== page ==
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We left Paris Monday afternoon after a leisurely morning, consisting of breakfast and showers. Our train getting to Amsterdam was delayed slightly, so we had lunch in the station. The train ride was a little over 3 hours long, and it was on Thalys instead of the French train system, SNCF. Thalys trains come with wifi and plugs on board. The wifi was really slow, but I did realize that I could iMessage friends back home using my iPhone, so I spent some nice time iMessaging with Carlanna!
In retrospect, we should have done the trains a bit differently. If we had solid plans for travel, we should have bought our train tickets while still in the US. I learned a couple things while trying to book our train. I did not know that Eurail passes were created specifically for non-EU residents and that not all trains accept etickets. Typically you order a rail pass and it is mailed to you in the states before you leave.
Ideally, we should have bought a RailPass of some kind, probably the France-Benelux pass, would have given us 5-10 travel days in France, Belguim, The Netherlands, and Luxemburg. That would include travel within France, so our first day of travel could have been our train from Paris to La Rochelle. The Eurail pass would have saved us about 50% of the cost of buying individual train tickets.
Regardless, we made it to Amsterdam. For most of our accommodations we have been using AirBnB. I have used it several times in the states and have had great experiences. Not only can it be cheaper than a hotel, but you can also have a host who can show you around and give you recommendations. Our experience in La Rochelle was our first international one. While it was very cheap, it was a little cramped for us, so we are staying in a bigger place next time around. In Paris we stayed with my cousins. Now, in Amsterdam, we are staying in a private apartment, so we are not sharing common areas with our host. See our apartment here!
We checked in and then took a quick run to the grocery store around the corner – with another benefit of the AirBnB being that we can cook for ourselves to save money. We grabbed breakfast foods (eggs, bacon, baguette, jam, and juice) and enough to cook one meal.
After dropping those items off at the apartment we went for a short walk to find dinner, where we ate at a place called Dapper. I had an organic steak with chimichurri, but I’m not sure what cut of meat it was. In general in Europe, they don’t eat the same cuts as Americans do (for example, Vishnu told me chicken breasts are seen as less desirable because they lack the flavor of the rest of chicken – I agree!). I also had a side of grilled vegetables, and David had “cajun style” chicken with bbq sauce and fries.
We walked more after dinner but not too far since we don’t know the area well yet. The canals are beautiful and bikes are everywhere!
Today (Tuesday) was forecasted to rain all day today, so we decided to make it a lazy, stay-in day. David has acquired a list of supplies another Helia ordered from Accastillage Diffusion (AD) chandlery, and has used that as a start to our order with AD. He has been combing through the list (which took most of the day), translating it to English and then trying to decide if that is something we already have or something we even want.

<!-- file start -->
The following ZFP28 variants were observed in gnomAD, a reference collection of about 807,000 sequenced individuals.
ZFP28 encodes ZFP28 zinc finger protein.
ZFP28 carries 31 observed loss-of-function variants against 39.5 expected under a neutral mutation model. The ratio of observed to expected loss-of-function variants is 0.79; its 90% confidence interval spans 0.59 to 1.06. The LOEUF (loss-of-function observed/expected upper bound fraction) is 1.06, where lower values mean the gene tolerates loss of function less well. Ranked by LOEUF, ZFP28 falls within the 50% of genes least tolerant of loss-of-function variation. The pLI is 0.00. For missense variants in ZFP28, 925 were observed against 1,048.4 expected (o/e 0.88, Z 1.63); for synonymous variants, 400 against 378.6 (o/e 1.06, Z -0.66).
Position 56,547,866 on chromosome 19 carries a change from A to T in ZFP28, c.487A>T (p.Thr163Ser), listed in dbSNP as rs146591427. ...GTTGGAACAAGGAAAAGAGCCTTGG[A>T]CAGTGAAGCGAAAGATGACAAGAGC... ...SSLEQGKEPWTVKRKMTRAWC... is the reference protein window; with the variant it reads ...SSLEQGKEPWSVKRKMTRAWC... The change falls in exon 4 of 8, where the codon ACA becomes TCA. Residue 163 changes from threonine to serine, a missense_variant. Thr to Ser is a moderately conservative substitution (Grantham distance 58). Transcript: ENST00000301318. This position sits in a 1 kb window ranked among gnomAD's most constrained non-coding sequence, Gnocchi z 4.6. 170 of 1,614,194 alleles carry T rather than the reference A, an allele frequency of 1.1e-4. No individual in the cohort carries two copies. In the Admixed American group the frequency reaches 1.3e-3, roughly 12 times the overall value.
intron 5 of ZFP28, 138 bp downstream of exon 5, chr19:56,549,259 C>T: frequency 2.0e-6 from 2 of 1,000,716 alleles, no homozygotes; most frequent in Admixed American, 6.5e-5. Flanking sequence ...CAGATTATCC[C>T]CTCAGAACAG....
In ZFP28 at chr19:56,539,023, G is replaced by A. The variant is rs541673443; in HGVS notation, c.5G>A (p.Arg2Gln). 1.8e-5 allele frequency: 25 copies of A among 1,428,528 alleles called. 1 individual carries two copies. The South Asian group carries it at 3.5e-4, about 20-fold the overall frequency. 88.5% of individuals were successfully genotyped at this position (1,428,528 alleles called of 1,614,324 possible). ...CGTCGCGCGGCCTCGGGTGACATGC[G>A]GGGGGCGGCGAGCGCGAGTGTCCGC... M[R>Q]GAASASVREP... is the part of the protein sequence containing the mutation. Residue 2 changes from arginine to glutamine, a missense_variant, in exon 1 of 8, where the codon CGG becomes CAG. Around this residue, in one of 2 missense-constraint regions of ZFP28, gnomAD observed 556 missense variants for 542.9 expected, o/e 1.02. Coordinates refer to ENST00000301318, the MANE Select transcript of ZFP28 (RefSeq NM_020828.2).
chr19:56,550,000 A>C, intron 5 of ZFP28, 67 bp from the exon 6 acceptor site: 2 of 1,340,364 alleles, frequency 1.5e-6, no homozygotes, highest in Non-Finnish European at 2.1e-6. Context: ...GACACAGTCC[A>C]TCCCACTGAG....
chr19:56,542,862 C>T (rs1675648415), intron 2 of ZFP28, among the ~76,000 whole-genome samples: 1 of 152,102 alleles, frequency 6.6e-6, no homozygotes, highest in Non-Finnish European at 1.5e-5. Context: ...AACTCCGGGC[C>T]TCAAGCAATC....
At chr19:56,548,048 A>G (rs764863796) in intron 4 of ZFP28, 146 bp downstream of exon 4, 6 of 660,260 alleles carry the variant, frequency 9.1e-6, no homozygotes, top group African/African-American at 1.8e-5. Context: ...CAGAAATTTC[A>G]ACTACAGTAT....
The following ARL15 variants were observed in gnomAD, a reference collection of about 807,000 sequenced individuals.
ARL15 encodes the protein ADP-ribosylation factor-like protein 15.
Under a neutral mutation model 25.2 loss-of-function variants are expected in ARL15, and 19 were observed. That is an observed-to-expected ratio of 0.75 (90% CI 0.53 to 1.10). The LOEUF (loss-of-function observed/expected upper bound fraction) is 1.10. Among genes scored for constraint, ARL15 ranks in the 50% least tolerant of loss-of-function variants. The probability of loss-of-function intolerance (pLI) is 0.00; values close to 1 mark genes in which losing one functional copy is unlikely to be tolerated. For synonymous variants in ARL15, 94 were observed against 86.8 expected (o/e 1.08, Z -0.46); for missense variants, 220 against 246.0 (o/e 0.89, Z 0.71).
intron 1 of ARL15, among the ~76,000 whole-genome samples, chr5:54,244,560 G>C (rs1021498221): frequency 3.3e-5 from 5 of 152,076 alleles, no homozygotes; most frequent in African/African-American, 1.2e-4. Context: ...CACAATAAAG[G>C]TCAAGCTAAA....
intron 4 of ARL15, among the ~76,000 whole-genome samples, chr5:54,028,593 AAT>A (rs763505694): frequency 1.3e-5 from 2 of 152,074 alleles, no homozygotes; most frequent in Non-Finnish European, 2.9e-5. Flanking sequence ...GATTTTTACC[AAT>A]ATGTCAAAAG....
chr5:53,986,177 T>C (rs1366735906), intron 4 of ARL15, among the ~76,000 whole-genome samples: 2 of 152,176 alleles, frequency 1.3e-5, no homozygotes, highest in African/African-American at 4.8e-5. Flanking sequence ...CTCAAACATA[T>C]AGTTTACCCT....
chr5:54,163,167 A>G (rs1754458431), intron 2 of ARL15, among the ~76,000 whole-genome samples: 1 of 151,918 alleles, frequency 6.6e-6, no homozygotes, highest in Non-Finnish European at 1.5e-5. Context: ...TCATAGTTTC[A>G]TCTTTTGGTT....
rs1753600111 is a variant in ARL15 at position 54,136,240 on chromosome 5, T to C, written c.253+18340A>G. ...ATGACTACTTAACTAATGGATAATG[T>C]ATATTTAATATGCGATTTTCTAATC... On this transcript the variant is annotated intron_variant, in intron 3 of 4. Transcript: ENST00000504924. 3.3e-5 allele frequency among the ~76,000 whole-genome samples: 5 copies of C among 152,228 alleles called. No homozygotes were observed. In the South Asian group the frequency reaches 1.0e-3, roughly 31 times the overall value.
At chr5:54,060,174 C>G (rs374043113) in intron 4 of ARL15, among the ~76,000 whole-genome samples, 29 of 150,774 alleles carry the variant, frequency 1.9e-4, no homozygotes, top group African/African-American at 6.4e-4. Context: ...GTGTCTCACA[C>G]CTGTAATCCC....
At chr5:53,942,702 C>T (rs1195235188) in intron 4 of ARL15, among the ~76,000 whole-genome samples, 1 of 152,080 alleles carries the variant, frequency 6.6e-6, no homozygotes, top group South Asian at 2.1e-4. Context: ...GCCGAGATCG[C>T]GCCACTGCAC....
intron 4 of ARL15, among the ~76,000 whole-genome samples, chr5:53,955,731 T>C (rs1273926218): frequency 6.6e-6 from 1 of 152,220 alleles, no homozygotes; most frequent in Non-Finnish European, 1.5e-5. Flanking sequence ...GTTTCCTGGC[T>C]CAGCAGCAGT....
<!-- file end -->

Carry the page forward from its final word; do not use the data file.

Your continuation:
I cooked breakfast! Another thing about shopping in Europe is that the eggs are different. They are not washed or treated, so they do not need to be refridgerated. This is not uncommon in other parts of the world, and makes keeping eggs on a boat without refridgeration easier.
I have been lounging mostly, but I did go over the provisioning list that I have been working on and added a column for French translations. I will have this list with me when I start shopping in La Rochelle (Monday) so that I can identify or ask for help if I need it. The list is not a firm list. For example, I have canned pineapples and mandarin oranges listed, but really I’m just looking for any canned fruit we can keep onboard. Ditto with dried fruit. I have also listed out a lot of produce, but that’s more so that I have the French vocabulary written down.
One thing I was pondering today was meat. As apparent by our French breakfasts that we have been having (bread and jam), meat is not a part of as many meals as it would be for Americans. In fact, an article popped up on my Facebook timeline today; “According to the Food and Agriculture Organization, Americans….eat 265 pounds of meat per person per year. Compare that to the global average of 92 pounds per person per year.”
My cooking formula lately (when I am eating wheat I feel is right for me) has been protein, plus two different colored vegetables, perhaps a condiment or sauce, and a carbohydrate heavy item for David. That is definitely not a meal that is common around here. One bit of advice I have heard with provisioning is that you are going to eat the same things you normally do, with some exceptions, so don’t go buying a whole bunch of stuff you might not eat, just because it’s “boat friendly”. It will be interesting to see how provisioning goes for us.
I cooked dinner tonight, which was pork, asparagus, and a pre-made side of potatoes, gravy and red cabbage. I had to use google translate to understand the cooking instructions, and google translate had some fun with it:
Tomorrow’s plans are to get out and see Amsterdam! We plan on starting with the museums, probably the Anne Frank house first, then the Van Gogh museum and if we have time the Rijksmuseum. It is supposed to be raining again in the morning, but after that just windy and cold. It’s a good thing we packed winter clothes!
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